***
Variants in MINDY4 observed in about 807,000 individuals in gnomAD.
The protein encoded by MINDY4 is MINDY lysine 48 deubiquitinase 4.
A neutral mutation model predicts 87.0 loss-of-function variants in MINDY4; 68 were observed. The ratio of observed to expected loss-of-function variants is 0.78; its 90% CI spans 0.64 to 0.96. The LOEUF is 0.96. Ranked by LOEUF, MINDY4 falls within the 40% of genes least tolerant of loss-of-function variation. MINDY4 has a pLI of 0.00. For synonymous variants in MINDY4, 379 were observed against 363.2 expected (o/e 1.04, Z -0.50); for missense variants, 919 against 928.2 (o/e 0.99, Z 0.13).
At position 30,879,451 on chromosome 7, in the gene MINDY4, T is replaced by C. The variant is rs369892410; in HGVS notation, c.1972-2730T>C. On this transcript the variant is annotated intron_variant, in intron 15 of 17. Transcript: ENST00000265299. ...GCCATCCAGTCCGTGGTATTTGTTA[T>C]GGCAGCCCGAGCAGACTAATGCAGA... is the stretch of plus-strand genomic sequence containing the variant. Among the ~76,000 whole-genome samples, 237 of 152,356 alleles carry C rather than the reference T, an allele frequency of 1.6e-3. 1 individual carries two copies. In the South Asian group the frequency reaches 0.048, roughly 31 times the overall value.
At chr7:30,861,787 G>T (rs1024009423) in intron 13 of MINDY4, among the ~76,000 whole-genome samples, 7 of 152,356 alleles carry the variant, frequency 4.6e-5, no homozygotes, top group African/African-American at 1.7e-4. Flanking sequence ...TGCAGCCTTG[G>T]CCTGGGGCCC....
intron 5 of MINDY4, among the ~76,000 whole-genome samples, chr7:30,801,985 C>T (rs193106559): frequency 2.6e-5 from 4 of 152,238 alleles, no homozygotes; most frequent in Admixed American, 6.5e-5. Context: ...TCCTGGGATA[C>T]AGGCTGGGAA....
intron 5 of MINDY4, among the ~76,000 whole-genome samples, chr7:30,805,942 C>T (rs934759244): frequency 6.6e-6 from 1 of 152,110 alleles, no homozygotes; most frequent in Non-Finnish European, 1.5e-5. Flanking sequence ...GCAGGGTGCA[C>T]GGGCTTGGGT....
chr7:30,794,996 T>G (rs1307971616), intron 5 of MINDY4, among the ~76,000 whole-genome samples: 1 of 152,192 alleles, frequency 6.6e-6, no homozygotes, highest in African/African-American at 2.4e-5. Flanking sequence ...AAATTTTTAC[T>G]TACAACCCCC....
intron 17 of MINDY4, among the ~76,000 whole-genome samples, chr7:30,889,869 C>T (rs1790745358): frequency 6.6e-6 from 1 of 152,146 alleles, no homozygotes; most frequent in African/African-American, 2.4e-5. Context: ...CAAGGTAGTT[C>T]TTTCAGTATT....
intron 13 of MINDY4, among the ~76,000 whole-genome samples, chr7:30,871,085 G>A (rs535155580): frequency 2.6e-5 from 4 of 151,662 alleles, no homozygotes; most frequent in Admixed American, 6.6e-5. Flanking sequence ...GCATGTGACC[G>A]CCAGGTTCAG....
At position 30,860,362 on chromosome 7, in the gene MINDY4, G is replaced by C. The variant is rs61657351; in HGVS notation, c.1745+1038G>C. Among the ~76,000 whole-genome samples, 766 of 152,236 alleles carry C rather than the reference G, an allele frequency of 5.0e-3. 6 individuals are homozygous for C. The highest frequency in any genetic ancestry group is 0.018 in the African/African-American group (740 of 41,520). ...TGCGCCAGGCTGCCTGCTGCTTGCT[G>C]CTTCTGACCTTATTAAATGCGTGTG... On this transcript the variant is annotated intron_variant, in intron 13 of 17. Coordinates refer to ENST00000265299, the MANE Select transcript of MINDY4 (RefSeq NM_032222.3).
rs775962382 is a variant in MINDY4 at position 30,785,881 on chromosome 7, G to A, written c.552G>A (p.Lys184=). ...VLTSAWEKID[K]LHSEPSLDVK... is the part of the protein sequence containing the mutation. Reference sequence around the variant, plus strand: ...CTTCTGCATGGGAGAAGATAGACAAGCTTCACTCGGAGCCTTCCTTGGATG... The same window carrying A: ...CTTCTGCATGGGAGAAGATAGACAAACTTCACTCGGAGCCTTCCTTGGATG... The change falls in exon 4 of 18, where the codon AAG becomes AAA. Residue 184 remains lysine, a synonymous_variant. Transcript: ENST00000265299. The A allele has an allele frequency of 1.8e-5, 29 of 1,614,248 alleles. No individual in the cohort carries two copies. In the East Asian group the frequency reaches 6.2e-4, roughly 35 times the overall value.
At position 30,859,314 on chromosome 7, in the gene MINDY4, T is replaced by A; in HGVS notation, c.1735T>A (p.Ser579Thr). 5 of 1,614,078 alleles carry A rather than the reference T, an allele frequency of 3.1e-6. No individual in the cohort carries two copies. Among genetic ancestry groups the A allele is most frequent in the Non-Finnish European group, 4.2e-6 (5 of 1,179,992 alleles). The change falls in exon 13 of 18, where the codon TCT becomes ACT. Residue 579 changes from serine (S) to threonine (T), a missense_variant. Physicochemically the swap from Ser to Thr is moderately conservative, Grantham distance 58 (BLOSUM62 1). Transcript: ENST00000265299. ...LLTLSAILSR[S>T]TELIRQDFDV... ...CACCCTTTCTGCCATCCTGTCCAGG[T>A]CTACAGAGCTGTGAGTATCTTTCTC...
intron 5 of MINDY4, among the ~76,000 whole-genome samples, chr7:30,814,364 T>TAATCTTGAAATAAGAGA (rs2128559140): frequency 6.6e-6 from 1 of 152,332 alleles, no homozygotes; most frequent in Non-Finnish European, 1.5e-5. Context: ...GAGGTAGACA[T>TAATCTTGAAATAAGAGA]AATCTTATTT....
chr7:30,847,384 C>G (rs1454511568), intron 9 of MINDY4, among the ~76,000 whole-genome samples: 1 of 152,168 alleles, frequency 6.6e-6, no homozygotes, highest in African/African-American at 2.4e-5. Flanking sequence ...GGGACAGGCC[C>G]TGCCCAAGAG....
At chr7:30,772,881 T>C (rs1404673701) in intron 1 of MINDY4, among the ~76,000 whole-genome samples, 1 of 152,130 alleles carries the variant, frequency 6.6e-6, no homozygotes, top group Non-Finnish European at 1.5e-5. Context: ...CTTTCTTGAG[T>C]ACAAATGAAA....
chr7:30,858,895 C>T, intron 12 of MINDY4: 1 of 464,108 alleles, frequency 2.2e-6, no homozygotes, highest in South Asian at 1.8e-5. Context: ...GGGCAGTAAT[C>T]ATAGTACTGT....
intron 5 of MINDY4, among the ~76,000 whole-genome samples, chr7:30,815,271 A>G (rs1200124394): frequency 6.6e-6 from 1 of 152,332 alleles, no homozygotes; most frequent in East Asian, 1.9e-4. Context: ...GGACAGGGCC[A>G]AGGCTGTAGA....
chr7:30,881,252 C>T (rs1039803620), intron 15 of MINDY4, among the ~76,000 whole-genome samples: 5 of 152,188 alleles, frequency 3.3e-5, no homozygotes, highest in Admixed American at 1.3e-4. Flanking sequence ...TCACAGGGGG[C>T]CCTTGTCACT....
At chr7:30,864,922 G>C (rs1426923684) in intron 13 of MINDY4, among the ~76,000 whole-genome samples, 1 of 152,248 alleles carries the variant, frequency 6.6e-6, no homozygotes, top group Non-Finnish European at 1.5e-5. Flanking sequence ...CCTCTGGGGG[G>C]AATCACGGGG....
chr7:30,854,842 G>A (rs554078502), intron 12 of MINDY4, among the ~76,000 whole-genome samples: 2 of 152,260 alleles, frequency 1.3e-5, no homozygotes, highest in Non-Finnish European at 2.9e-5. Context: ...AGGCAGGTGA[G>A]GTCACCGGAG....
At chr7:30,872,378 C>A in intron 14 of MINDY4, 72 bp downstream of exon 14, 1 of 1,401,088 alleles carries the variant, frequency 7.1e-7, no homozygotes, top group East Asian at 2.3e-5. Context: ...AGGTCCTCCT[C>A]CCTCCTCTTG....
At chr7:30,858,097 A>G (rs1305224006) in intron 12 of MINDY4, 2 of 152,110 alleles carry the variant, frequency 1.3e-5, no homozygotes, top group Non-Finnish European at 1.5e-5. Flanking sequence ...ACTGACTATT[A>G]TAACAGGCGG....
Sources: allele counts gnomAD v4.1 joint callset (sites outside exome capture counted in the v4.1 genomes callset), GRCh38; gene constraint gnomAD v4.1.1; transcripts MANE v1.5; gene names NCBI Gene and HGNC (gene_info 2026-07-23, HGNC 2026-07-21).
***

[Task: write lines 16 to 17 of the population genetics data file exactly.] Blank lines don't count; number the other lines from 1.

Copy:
At chr7:30,772,881 T>C (rs1404673701) in intron 1 of MINDY4, among the ~76,000 whole-genome samples, 1 of 152,130 alleles carries the variant, frequency 6.6e-6, no homozygotes, top group Non-Finnish European at 1.5e-5. Context: ...CTTTCTTGAG[T>C]ACAAATGAAA....
chr7:30,858,895 C>T, intron 12 of MINDY4: 1 of 464,108 alleles, frequency 2.2e-6, no homozygotes, highest in South Asian at 1.8e-5. Context: ...GGGCAGTAAT[C>T]ATAGTACTGT....